The Foreign Service Journal, September 2006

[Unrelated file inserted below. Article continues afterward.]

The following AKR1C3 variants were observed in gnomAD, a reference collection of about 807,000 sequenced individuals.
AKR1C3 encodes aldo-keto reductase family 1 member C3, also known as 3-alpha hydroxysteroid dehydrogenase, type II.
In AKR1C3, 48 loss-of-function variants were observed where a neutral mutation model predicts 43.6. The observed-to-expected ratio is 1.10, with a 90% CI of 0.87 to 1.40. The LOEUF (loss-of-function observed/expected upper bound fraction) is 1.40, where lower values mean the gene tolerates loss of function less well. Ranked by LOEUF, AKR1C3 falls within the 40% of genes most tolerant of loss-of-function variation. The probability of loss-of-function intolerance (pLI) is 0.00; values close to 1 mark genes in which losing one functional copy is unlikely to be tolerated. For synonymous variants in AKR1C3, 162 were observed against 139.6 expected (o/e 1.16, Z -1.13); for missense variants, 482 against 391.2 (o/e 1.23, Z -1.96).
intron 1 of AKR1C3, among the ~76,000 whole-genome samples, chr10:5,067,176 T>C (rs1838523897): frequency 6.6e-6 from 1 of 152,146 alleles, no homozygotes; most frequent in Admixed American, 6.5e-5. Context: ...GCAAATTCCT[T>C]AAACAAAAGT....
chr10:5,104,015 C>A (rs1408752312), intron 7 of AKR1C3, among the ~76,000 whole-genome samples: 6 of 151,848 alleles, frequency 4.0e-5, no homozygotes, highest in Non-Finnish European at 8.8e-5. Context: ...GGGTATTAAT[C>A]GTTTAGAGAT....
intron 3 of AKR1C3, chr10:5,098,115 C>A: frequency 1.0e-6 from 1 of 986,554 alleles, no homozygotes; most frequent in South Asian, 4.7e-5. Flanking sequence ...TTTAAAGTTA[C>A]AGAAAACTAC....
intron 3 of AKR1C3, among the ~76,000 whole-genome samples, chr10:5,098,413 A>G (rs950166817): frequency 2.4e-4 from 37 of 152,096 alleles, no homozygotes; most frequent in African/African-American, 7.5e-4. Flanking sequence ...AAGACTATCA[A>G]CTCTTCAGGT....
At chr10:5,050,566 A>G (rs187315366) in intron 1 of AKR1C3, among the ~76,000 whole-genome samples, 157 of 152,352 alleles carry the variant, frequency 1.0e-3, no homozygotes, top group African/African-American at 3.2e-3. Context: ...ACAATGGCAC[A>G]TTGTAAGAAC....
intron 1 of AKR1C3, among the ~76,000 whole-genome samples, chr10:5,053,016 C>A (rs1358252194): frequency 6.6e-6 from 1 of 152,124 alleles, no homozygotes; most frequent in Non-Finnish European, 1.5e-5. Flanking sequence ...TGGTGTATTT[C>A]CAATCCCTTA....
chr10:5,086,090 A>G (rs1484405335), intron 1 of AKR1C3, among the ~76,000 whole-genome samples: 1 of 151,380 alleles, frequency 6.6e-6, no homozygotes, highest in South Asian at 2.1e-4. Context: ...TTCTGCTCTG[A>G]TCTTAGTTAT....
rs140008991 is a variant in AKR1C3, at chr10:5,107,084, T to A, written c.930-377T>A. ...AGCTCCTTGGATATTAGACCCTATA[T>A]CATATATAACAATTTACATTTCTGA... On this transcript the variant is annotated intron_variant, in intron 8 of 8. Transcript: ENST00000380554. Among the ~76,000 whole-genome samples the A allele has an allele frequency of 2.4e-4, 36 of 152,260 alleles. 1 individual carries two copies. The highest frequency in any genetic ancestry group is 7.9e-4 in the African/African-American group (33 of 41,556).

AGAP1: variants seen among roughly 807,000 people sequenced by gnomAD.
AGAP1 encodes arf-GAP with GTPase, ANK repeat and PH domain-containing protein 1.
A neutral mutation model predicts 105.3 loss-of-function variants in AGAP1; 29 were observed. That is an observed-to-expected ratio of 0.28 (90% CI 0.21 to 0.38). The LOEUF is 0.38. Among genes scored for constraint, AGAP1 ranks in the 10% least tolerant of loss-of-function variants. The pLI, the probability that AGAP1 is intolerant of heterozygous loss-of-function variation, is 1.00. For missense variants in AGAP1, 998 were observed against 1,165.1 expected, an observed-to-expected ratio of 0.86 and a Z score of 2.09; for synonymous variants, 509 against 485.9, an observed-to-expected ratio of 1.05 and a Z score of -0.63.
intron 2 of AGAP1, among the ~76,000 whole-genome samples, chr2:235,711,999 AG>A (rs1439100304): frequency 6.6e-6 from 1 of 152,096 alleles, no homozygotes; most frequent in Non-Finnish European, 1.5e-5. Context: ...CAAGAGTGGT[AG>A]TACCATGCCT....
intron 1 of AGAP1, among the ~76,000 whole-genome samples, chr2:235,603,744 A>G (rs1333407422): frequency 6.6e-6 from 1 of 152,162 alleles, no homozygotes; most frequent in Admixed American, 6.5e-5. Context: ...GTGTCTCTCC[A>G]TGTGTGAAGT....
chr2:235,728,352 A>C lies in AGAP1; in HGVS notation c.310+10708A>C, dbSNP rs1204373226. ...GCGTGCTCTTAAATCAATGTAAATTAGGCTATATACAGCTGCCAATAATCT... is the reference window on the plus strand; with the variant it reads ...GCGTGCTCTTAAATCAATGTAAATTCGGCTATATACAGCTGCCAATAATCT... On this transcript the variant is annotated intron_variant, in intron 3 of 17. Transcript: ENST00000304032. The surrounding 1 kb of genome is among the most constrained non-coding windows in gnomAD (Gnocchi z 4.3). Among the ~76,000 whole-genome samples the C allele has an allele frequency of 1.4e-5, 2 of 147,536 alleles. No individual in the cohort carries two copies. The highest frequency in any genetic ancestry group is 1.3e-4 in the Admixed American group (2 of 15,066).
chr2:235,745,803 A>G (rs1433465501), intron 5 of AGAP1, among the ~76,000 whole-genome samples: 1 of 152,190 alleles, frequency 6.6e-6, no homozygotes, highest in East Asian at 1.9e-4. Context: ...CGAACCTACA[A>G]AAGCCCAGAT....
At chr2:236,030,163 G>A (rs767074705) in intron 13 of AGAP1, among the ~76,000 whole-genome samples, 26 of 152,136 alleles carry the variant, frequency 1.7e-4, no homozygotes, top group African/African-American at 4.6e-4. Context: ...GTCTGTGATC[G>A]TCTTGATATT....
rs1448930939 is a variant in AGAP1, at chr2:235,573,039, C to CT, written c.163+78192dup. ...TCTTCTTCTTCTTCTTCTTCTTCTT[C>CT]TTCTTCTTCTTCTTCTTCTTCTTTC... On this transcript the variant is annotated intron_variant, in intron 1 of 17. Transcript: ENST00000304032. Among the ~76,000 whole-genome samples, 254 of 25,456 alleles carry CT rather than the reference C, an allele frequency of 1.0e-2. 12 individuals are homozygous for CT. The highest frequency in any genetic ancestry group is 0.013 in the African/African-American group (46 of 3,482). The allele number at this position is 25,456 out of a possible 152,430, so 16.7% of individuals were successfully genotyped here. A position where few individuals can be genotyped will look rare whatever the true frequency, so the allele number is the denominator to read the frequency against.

S E P T E M B E R 2 0 0 6 / F O R E I G N S E R V I C E J O U R N A L 61 radition! More than just a song from a Broadway musical, the word is the life-giving water of every culture and, indeed, every individual. Almost everyone who joins the Foreign Service does so because he or she is captivated by different cultures and the variety of time-honored celebrations and rituals around the globe. Like all religions, Judaism observes many holidays with particular customs. However, because Jews are a minority in the United States, non-Jews are often unfamiliar with the religion’s tenets and practices. Growing up in a small town with very few Jews, I had almost no friends who shared my background, so I began my own tradition. I started intro- ducing people to my favorite holiday, Passover (Pesach), by inviting friends and colleagues to come to my home for the complex and lengthy celebration called the Seder. This rite remembers much of the book of Exodus through metaphor. Participants eat certain foods, drink cer- tain liquids and follow a large variety of rules. For example, guests are supposed to relax, so pillows, comfortable chairs and even lying down are acceptable. A dish called charoset combines various sweet and bitter tastes and resembles the mortar used in creating ancient Egyptian buildings. Red drinks, such as wine or cranapple juice, symbolize the blood shed during the violent events. If you have ever seen “The Ten Commandments” or “Prince of Egypt,” you know some of the details of the story; but unless you have participated in a Seder, you cannot fully grasp all that the experience can offer. Each Ceremony Is Unique No two ceremonies are alike, even when the same host organizes the event. During my training at the Foreign Service Institute, I invited many of my A-100 colleagues and had different religious and non-religious backgrounds represented. When I was living in a tiny apartment in Spain, I conducted a ceremony in Spanish and Hebrew for a room full of Catholics. The joyous evening was so loud that the neighbors complained for days. For this year’s big event, I was living in a large diplomat- ic housing facility in Guangzhou, with thick walls, so I was no longer worried about noise complaints. On the other hand, I was concerned about creating a memorable event for a large variety of Chinese friends, acquaintances and colleagues. I even expanded the focus of the event by ask- ing professional journalists to attend. What better way to teach about the hospitality of Americans and the variety of American lifestyles than by inviting people to my home for food, drink and cultural education? The first difficulty I encountered was the size of my home, which certainly could not comfortably accommodate 20-plus people. No problem! A Mormon colleague offered M ANDARIN M ATZAH A N FSO PUTS A J EWISH CEREMONY TOGETHER IN G UANGZHOU WITH A LITTLE HELP FROM ATHEIST , B UDDHIST , C HRISTIAN AND M ORMON FRIENDS . T B Y J ASON S EYMOUR